In 1754, the French editors Denis Diderot and Jean le Rond d'Alembert helped cement its popularity.

The phrase doesn't show up in American letters until some Prohibitionist politicians started using it in 1885. Twenty years after Lincoln died.

Until recently, I simply took at face value the common claim that these were Lincoln's words. It's not a very important issue, so what would push me to question it?

My decision to title this article.

A little healthy skepticism is all it took. After all, lots of famous quotes are misattributed to famous people, ergo the Yogi Berra line: “I really didn't say everything I said.” Which he really did say.

So before titling and publishing this essay, I looked up the maxim at a reputable site with citations, just to be sure. And presto: suddenly I am, at least in this regard, all of the people some of the time, and not some of the people all of the time.

You really don't want to be some of those people who get fooled all the time. Which brings us to Donald Trump.

He's very good at fooling people. At the moment, he's successfully fooling millions of Republican voters into thinking he'd be a good president generally, and more specifically, that if elected he could actually do many of the outlandish things he's claiming, like getting Mexico to pay for a wall.

Thus, the question lurks forebodingly: Are we living through “some of the time?”

Is this the moment when Donald Trump fools all of the people, or at least enough of the ones who call themselves Republicans, that he lands the GOP's presidential nomination?

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Divining Water

Jerrycan

By Maniza Naqvi

“Say: Just think: If your water were to dry up in the morning who will bring you water from a fresh, flowing stream?”

A sunflower yellow plastic container caught my attention as my cab weaved its way through morning traffic in DC. Exactly the kind carried every day of the year on the backs of camels, mules, women and children from Addis to Lemo to Jijiga to Woldia to Mekele-and all the places east, south, west and north of them. The kind like a jerry can used for selling cooking oil and recycled by millions to fetch water often over long distances and difficult terrain. I walked back later in the day in search of it. There it sat, just around the corner from the White House gracing the ledge outside a vending kiosk. The yellow color, radiant and hopeful in the sunshine set against the chrome exterior, of the tiny shop. There perhaps, as a memory or a talisman, or an offering. Inside, the kiosk, an Ethiopian woman selling hotdogs and chewing gum– and bottled water from New Zealand to passersby.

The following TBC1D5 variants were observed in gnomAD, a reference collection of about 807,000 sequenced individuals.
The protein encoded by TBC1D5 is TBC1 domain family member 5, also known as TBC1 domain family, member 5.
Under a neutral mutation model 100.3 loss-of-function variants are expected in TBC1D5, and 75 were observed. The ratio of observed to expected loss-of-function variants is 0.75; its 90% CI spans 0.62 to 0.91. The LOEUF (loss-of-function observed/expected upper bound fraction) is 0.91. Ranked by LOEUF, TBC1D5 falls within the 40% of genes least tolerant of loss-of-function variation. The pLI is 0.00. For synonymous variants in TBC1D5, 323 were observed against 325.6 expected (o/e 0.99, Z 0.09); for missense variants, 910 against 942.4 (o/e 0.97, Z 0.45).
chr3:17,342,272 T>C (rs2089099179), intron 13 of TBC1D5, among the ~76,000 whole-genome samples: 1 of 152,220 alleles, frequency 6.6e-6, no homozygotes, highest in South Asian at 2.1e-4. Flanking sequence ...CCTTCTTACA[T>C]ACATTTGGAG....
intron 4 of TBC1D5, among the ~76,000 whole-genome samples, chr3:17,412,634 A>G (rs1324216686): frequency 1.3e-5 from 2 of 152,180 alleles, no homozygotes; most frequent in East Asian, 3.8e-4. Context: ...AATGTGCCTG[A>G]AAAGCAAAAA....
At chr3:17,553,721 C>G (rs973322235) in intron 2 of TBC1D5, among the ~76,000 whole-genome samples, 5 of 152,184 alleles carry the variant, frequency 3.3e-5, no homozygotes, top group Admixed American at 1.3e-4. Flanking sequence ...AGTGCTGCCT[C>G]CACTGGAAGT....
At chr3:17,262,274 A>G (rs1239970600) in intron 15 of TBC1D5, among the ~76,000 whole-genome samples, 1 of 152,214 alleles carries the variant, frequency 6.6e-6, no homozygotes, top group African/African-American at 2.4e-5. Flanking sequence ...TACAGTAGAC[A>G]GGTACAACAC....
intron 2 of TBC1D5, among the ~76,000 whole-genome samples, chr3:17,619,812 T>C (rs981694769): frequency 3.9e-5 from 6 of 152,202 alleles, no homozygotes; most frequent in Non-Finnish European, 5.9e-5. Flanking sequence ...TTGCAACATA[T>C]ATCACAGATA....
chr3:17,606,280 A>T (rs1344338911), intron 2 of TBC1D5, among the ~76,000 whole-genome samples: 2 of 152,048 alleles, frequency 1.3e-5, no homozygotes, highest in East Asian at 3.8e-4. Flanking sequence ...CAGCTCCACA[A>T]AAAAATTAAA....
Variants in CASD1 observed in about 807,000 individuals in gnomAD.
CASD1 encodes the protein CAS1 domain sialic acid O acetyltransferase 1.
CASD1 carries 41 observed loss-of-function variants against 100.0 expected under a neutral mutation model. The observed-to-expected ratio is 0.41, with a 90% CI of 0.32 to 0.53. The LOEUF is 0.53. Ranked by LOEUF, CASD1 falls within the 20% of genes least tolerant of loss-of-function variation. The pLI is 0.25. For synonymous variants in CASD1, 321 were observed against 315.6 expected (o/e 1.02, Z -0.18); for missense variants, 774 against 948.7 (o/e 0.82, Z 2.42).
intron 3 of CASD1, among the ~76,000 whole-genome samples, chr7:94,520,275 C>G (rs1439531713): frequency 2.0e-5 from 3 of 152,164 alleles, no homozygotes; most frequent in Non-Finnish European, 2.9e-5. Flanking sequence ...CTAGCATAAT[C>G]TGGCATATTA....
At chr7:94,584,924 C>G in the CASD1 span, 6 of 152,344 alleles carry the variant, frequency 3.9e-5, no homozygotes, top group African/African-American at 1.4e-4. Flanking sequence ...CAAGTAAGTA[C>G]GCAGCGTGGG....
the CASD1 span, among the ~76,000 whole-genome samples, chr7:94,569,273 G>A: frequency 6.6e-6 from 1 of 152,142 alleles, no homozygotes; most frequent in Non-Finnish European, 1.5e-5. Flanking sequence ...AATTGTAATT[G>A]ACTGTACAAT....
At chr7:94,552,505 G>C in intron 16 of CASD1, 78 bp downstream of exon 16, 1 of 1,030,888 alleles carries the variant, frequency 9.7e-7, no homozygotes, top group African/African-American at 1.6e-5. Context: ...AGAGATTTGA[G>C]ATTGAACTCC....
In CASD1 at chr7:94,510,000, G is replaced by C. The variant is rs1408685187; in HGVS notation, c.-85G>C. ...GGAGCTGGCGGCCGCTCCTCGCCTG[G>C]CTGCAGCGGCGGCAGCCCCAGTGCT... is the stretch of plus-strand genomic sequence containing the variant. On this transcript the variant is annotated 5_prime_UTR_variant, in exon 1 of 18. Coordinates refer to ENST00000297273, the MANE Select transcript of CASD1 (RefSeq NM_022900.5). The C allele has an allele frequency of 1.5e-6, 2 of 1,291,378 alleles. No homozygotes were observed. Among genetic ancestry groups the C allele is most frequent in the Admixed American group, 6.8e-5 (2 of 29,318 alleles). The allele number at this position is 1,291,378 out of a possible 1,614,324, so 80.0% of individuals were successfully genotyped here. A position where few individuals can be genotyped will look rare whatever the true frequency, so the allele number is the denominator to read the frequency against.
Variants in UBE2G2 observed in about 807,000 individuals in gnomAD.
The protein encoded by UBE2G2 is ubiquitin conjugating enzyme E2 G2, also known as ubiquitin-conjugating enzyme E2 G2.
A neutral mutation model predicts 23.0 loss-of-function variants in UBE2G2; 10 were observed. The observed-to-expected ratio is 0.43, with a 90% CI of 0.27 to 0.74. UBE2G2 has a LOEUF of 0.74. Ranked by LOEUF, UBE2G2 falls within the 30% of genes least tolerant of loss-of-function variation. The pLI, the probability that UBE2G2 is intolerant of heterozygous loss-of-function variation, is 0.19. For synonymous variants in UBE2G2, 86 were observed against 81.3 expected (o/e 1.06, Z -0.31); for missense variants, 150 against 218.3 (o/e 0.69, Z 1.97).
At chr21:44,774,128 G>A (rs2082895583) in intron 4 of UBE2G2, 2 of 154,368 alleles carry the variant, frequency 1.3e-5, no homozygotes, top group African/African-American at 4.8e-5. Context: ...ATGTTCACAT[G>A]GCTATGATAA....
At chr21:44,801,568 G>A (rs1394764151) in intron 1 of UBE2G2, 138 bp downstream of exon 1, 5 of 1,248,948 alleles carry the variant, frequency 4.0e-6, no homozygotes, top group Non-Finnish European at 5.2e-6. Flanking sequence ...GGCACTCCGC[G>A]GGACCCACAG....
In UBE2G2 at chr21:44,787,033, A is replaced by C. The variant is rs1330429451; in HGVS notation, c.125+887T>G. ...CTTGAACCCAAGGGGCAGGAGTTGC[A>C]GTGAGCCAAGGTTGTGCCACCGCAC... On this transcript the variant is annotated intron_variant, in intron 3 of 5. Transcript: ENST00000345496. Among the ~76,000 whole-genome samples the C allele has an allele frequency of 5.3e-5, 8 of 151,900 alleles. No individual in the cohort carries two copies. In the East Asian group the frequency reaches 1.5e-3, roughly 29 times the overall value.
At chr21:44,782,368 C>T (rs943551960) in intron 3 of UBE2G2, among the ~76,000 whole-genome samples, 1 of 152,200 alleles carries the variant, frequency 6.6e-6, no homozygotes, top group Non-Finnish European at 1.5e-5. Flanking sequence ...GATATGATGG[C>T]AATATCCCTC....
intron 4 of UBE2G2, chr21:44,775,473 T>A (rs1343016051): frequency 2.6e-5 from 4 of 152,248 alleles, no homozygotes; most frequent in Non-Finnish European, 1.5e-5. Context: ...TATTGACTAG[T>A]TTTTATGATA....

Thousands of miles and days later in Addis, my eyes focus on the yellow container strapped to the back of a slow moving woman in the crowd milling about a construction site, my eyes train on her, she is pregnant. Hundreds of dilapidated and messy kiosk sized houses, cafes, businesses have been removed, to find livelihoods elsewhere on the outskirts of attention, to make way for organized, tall and sprawling shiny corporate sized realities. Inside, one such air conditioned conference room, where I sit gazing out the window, the speaker has been talking about climate change—the rising temperatures, more rains, more floods and more droughts: this subject will lead all others from now on, he says, and will be the new theme for attracting financing for those whose business it is to reduce poverty. The answer is charismatic carbon— programs which have the potential to attract financing to support food for the poor through dispensing carbon credit to growth industries.

Someone whispers in my ear: “New theme? Nothing new at all! It seems like hostage taking of the poor by holding their condition up for their own ransom. We won’t create the conditions to allow people to grow their own food—and we won’t stop polluting or thinking only about growth and we’ll keep shoveling food aid at people whose weather risk we’ve increased because of our pollution. We’ll keep thinking of indebting further, credit this and credit that—now can you believe this? Carbon credit! Charismatic carbon! Burning up our planet–drying up our water for greed.!”